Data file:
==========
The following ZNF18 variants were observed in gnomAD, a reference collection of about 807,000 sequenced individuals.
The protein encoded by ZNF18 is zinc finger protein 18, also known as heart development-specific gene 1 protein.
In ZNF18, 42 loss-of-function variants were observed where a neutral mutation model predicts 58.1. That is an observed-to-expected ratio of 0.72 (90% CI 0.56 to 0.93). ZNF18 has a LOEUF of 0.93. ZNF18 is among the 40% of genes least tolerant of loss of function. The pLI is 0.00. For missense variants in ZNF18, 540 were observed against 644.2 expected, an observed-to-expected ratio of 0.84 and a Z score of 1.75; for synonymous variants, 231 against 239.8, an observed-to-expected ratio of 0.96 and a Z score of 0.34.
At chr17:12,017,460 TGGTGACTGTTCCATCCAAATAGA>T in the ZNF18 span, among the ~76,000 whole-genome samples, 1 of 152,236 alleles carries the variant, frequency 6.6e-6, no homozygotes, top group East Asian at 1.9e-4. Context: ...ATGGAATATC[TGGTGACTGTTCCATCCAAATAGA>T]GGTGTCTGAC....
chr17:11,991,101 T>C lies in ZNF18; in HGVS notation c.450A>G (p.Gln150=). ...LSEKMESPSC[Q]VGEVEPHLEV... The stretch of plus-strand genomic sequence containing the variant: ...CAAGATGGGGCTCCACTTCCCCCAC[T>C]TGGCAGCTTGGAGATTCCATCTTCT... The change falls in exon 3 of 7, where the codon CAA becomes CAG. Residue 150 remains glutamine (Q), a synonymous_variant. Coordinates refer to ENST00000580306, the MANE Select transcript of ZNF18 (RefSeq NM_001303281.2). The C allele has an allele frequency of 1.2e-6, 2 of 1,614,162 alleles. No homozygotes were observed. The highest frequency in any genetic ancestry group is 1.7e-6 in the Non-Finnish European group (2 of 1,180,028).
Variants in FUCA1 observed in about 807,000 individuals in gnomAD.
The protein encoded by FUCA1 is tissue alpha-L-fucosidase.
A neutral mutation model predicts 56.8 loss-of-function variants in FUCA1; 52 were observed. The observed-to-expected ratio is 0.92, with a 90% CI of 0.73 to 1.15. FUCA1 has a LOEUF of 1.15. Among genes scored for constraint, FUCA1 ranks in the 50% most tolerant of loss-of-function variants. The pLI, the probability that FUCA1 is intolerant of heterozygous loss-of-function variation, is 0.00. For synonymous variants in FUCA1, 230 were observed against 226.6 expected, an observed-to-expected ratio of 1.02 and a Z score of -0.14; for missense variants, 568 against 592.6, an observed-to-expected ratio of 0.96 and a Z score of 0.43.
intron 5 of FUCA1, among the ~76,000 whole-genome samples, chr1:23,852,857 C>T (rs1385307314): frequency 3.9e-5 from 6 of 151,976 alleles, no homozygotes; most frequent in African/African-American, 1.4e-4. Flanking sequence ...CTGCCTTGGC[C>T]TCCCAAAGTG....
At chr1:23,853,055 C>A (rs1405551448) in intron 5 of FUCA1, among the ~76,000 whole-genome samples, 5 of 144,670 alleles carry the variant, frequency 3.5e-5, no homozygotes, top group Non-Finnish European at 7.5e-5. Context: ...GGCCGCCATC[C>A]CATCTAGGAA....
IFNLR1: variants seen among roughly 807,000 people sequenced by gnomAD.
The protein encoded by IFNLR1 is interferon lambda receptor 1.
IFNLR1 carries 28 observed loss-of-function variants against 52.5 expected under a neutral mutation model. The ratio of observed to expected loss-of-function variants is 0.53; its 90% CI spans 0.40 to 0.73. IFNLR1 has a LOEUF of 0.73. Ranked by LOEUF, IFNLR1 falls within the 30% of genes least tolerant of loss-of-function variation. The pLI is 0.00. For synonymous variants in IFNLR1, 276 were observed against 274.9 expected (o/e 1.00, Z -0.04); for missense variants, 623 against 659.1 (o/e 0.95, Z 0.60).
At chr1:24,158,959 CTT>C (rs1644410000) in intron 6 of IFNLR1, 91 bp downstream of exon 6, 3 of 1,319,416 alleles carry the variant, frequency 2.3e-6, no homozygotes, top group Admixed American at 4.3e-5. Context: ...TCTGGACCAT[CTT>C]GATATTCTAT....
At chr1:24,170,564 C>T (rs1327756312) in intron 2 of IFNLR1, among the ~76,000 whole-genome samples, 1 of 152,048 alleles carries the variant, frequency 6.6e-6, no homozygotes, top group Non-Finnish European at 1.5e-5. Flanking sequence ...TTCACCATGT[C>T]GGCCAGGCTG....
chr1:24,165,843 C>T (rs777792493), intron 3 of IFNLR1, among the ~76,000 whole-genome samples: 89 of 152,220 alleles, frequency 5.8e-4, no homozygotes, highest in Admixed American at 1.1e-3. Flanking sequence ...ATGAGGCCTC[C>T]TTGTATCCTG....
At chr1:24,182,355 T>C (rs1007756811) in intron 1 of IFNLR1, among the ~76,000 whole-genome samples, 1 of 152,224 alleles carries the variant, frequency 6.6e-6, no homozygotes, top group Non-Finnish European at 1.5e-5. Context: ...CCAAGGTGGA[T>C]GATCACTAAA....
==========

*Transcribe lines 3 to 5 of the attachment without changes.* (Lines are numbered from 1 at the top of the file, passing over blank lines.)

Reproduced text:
In ZNF18, 42 loss-of-function variants were observed where a neutral mutation model predicts 58.1. That is an observed-to-expected ratio of 0.72 (90% CI 0.56 to 0.93). ZNF18 has a LOEUF of 0.93. ZNF18 is among the 40% of genes least tolerant of loss of function. The pLI is 0.00. For missense variants in ZNF18, 540 were observed against 644.2 expected, an observed-to-expected ratio of 0.84 and a Z score of 1.75; for synonymous variants, 231 against 239.8, an observed-to-expected ratio of 0.96 and a Z score of 0.34.
At chr17:12,017,460 TGGTGACTGTTCCATCCAAATAGA>T in the ZNF18 span, among the ~76,000 whole-genome samples, 1 of 152,236 alleles carries the variant, frequency 6.6e-6, no homozygotes, top group East Asian at 1.9e-4. Context: ...ATGGAATATC[TGGTGACTGTTCCATCCAAATAGA>T]GGTGTCTGAC....
chr17:11,991,101 T>C lies in ZNF18; in HGVS notation c.450A>G (p.Gln150=). ...LSEKMESPSC[Q]VGEVEPHLEV... The stretch of plus-strand genomic sequence containing the variant: ...CAAGATGGGGCTCCACTTCCCCCAC[T>C]TGGCAGCTTGGAGATTCCATCTTCT... The change falls in exon 3 of 7, where the codon CAA becomes CAG. Residue 150 remains glutamine (Q), a synonymous_variant. Coordinates refer to ENST00000580306, the MANE Select transcript of ZNF18 (RefSeq NM_001303281.2). The C allele has an allele frequency of 1.2e-6, 2 of 1,614,162 alleles. No homozygotes were observed. The highest frequency in any genetic ancestry group is 1.7e-6 in the Non-Finnish European group (2 of 1,180,028).